by Tiffany Jones
“Dalton will open doors for him for the rest of his life” says Joe Brewster. Joe Brewster and Michelle Stephenson sent their son Idris to the Dalton School, a prestigious prep school in New York City, which sends 31 percent of its students to the Ivy League, MIT, and Stanford. Idris’ entire education, from age five to seventeen, was filmed in an effort by his parents to document the experience of an African American boy in a competitive educational environment. The result is the documentary “American Promise,” which films Idris and his friend Seun’s experiences.
To understand the motivations and dreams held by Brewster and Stephenson it is important to understand where they come from. Both parents came from working class backgrounds and attended three of the most elite universities in the United States. Brewster is a psychiatrist who attended Stanford University and Harvard Medical School. Stephenson is an attorney who attended Columbia Law School. At one point in the film Stephenson expresses frustration over her son’s lack of urgency and motivation, “I wish he had half the drive I did at that age.” They were driven to give their son all the advantages that no one had afforded them before college, believing that by sending their son to a school like Dalton he would be more likely to succeed.
Idris matriculates to Occidental College. This was a huge disappointment for his parents who expected that he would matriculate to a more elite university. They were disappointed with their son for not achieving, what they believed was, his full potential. That disappointment and frustration was later turned towards the school, which they believed failed their child and didn’t live up to its promise for multiple reasons. Idris experienced a great deal of doubts over his intellectual capacity, expressed frustration over his social experience, and wondered whether life would’ve been better if he were white. These are issues that many minorities wrestle with; however, the high school experiences of Seun introduces the idea that maybe it doesn’t have to be that way.
Seun is the other African American boy followed in the documentary. His mother, Stacey Summers, works multiple jobs as a nurse. His father, Tony Summers, works as a systems engineer. He has three siblings; therefore, his parents’ efforts are spread out across all four children leaving less time for them to focus on Seun’s difficult course work. For them Dalton is about opening doors to an elite world. Seun experiences a lot of difficulties at Dalton and mentions the same frustrations as Idris. The difference is that Seun left Dalton as a teenager to attend Benjamin Banneker Academy, which is approximately 83 percent African American and combines a strong academic program (90% of the students graduate and many students matriculate to college, including some Ivy League schools) with cultural affirmation. The principal of Benjamin Banneker speaks about the importance of black students understanding their history and seeing themselves in a positive light. He makes the argument that the there is no better environment for a black student to grow intellectually and socially than in a school where they are taught by black teachers and surrounded by black students because there is constant affirmation of their cultural background and social significance.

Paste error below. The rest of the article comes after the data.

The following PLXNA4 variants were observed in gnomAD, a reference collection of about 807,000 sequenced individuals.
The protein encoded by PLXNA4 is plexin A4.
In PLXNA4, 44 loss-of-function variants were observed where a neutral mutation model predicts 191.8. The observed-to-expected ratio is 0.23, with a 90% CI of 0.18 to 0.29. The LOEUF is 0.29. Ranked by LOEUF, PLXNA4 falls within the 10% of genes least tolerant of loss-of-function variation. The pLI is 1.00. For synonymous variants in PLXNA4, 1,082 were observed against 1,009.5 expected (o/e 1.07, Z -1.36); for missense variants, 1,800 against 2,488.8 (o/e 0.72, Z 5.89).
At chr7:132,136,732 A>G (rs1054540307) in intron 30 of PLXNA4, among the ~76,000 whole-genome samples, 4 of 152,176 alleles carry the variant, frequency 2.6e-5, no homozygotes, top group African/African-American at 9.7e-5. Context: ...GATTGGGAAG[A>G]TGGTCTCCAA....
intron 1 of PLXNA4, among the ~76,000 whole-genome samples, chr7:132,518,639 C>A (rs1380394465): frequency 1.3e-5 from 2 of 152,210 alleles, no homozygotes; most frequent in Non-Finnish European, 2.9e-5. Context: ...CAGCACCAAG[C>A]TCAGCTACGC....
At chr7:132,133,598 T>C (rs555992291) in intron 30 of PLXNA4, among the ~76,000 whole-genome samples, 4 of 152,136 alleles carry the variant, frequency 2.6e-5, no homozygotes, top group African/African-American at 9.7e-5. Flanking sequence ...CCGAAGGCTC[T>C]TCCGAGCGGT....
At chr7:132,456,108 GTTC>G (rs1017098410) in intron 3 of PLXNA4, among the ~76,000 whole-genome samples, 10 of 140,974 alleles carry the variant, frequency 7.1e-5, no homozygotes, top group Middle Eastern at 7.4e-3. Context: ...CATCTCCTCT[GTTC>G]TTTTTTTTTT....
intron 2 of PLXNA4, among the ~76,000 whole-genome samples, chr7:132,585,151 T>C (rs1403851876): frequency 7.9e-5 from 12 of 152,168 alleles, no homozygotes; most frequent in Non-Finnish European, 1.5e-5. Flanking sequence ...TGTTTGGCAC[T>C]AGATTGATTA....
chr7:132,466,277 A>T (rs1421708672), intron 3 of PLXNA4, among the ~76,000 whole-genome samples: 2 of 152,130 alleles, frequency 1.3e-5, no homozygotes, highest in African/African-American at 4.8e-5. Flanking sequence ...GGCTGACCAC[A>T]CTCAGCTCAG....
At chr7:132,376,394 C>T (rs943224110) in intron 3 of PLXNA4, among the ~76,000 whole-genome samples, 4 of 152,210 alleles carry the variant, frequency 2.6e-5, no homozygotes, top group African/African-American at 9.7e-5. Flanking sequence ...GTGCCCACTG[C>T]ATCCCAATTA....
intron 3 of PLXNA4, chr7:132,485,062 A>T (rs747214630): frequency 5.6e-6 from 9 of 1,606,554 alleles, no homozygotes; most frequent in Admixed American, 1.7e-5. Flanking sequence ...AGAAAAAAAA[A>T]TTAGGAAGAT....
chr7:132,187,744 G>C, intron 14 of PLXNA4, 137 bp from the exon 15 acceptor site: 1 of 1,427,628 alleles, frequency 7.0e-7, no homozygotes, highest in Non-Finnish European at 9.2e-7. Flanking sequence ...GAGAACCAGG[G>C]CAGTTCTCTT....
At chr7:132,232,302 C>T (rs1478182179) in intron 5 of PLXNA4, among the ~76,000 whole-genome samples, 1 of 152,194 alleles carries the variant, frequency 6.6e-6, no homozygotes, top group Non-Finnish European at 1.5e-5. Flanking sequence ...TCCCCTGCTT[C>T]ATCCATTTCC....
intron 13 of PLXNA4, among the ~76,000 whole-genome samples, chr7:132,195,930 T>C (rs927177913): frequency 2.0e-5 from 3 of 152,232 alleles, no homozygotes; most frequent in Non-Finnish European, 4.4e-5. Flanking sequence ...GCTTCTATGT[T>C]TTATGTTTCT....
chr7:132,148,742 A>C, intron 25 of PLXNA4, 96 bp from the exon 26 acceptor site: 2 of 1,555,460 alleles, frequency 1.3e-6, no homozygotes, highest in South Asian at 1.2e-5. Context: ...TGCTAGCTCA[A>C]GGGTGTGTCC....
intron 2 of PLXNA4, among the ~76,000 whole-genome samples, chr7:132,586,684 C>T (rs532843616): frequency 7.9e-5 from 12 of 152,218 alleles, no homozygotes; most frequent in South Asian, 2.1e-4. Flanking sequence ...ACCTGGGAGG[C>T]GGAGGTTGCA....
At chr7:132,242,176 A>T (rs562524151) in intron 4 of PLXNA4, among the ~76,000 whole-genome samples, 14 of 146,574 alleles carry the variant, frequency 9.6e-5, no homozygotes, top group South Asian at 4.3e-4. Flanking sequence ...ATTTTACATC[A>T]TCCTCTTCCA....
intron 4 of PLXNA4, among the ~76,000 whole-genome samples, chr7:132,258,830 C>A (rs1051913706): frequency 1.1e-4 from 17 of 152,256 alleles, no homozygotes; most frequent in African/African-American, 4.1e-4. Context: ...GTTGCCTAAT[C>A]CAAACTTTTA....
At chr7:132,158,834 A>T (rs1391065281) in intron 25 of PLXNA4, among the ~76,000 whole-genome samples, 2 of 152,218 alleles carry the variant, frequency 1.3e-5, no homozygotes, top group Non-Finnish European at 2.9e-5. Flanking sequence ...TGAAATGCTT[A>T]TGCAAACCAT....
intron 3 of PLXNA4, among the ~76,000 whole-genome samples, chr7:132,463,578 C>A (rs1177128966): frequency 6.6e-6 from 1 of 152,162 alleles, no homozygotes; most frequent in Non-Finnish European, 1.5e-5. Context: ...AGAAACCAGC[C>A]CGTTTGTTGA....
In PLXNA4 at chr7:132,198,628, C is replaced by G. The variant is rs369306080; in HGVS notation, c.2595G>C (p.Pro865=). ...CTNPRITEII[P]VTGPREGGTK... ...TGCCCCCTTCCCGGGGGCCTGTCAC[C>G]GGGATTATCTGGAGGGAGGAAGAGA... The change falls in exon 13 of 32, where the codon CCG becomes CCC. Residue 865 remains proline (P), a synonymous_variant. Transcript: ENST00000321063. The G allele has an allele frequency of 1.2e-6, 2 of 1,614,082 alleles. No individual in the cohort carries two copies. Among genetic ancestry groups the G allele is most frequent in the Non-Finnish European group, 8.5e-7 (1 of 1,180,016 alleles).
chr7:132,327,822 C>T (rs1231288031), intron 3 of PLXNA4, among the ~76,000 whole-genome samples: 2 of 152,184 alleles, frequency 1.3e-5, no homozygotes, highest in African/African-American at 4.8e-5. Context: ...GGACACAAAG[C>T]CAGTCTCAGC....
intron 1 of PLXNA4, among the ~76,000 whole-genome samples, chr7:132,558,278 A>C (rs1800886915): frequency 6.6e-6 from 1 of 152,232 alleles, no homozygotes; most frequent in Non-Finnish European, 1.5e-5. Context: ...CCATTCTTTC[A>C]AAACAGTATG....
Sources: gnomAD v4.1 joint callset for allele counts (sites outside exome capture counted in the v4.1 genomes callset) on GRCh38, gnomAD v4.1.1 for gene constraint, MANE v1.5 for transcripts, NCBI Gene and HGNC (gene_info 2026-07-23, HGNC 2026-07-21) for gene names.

I have been skeptical of the benefit of attending schools where the majority of the students are comprised of one race. The reality is while white-collar America is becoming increasingly multiracial, the majority of those employees are still White, and when minorities enter the working world they have to deal with that reality. I am a biracial woman (half Black and half White) who grew up in an ethically diverse environment in regards to community and school demographics. The high schools I attended were mixed race. The first high school I attended was approximately 60 percent Asian and White and 40 percent Black and Latino. The second high school I attended was equal parts Asian, Black, and Latino with a few White students. The third high school was majority Black and Latino with 20-30 percent being Asian and White. I believe that experiencing these diverse cultural environments made it easier for me to blend in with multiple groups and allowed me to find similarities with others beyond race. However, this documentary and the success of Benjamin Banneker challenges my beliefs because it introduces a new paradigm: the idea that self-esteem can be instituted in the classroom and may be one of the most beneficial tools to teach a student which will help them achieve future success.